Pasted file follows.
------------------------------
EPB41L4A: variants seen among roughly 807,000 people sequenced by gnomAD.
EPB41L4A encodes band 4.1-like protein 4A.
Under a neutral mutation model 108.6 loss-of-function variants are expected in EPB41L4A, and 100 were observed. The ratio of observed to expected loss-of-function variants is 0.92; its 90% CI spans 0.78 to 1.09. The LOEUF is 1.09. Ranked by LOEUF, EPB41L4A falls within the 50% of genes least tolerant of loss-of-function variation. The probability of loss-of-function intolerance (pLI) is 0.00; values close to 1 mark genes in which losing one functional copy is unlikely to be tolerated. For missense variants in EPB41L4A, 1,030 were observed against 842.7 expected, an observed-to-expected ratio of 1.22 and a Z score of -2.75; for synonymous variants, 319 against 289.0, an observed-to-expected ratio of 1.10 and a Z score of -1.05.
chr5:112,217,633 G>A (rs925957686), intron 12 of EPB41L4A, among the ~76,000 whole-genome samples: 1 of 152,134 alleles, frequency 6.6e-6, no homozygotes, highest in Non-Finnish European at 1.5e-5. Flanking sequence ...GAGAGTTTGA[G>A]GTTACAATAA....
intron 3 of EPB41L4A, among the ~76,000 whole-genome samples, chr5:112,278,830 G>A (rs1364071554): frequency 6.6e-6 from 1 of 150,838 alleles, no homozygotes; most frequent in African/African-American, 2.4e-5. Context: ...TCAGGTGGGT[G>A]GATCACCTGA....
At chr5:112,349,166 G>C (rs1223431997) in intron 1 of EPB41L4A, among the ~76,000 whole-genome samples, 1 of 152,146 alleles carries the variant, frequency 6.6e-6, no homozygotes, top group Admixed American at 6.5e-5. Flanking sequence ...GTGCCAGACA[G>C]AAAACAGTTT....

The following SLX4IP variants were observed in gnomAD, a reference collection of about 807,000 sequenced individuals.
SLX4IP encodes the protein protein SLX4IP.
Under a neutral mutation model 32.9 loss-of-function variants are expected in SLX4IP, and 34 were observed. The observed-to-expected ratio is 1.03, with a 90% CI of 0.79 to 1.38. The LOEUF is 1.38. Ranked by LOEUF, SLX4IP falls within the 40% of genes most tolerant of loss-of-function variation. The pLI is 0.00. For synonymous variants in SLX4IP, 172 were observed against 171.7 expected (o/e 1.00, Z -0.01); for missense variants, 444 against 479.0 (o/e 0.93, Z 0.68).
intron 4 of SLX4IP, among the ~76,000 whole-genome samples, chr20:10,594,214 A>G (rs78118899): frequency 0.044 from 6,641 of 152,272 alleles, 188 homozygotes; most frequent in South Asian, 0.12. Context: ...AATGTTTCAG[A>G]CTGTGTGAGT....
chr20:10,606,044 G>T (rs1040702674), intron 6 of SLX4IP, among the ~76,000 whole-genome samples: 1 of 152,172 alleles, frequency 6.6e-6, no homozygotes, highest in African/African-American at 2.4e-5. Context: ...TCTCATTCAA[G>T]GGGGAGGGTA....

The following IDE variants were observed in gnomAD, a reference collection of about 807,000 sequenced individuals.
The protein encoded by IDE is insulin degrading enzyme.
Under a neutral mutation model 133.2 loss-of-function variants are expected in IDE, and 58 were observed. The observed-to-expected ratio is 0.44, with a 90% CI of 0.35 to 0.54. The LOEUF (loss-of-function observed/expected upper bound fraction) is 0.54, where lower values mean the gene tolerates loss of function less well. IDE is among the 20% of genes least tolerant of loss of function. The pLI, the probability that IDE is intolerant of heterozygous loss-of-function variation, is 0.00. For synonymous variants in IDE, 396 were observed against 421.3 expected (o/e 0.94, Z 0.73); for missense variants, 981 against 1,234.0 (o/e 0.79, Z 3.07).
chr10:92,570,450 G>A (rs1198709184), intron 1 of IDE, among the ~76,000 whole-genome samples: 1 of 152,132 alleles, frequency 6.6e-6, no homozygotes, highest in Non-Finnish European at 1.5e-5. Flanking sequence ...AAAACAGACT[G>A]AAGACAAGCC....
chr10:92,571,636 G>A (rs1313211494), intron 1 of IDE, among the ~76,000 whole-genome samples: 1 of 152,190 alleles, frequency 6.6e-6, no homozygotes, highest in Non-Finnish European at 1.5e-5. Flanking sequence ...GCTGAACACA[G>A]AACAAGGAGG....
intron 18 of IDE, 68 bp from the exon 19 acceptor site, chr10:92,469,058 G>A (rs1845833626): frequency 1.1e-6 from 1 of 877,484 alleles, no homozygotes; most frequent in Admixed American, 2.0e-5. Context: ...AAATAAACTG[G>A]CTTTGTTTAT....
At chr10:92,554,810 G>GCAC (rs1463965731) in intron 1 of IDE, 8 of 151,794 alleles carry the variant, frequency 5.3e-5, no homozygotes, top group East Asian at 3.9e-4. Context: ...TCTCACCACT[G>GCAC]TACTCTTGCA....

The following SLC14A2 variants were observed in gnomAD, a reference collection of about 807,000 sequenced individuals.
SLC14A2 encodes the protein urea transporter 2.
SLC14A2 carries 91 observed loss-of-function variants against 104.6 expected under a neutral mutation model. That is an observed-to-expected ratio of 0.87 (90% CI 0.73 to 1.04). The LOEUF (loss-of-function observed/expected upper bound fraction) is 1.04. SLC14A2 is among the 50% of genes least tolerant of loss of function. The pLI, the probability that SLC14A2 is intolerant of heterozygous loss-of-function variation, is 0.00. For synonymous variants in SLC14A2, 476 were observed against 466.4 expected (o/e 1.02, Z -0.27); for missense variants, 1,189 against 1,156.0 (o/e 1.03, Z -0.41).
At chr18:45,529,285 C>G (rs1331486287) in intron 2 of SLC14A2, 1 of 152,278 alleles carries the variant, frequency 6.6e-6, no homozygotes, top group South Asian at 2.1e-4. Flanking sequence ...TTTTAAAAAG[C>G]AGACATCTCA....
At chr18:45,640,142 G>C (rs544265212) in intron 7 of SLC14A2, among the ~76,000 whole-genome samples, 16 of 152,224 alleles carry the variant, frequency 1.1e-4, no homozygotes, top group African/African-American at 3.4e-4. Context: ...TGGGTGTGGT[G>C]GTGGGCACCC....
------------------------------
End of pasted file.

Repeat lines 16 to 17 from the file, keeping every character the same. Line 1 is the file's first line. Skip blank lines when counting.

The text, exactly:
chr10:92,571,636 G>A (rs1313211494), intron 1 of IDE, among the ~76,000 whole-genome samples: 1 of 152,190 alleles, frequency 6.6e-6, no homozygotes, highest in Non-Finnish European at 1.5e-5. Flanking sequence ...GCTGAACACA[G>A]AACAAGGAGG....
intron 18 of IDE, 68 bp from the exon 19 acceptor site, chr10:92,469,058 G>A (rs1845833626): frequency 1.1e-6 from 1 of 877,484 alleles, no homozygotes; most frequent in Admixed American, 2.0e-5. Context: ...AAATAAACTG[G>A]CTTTGTTTAT....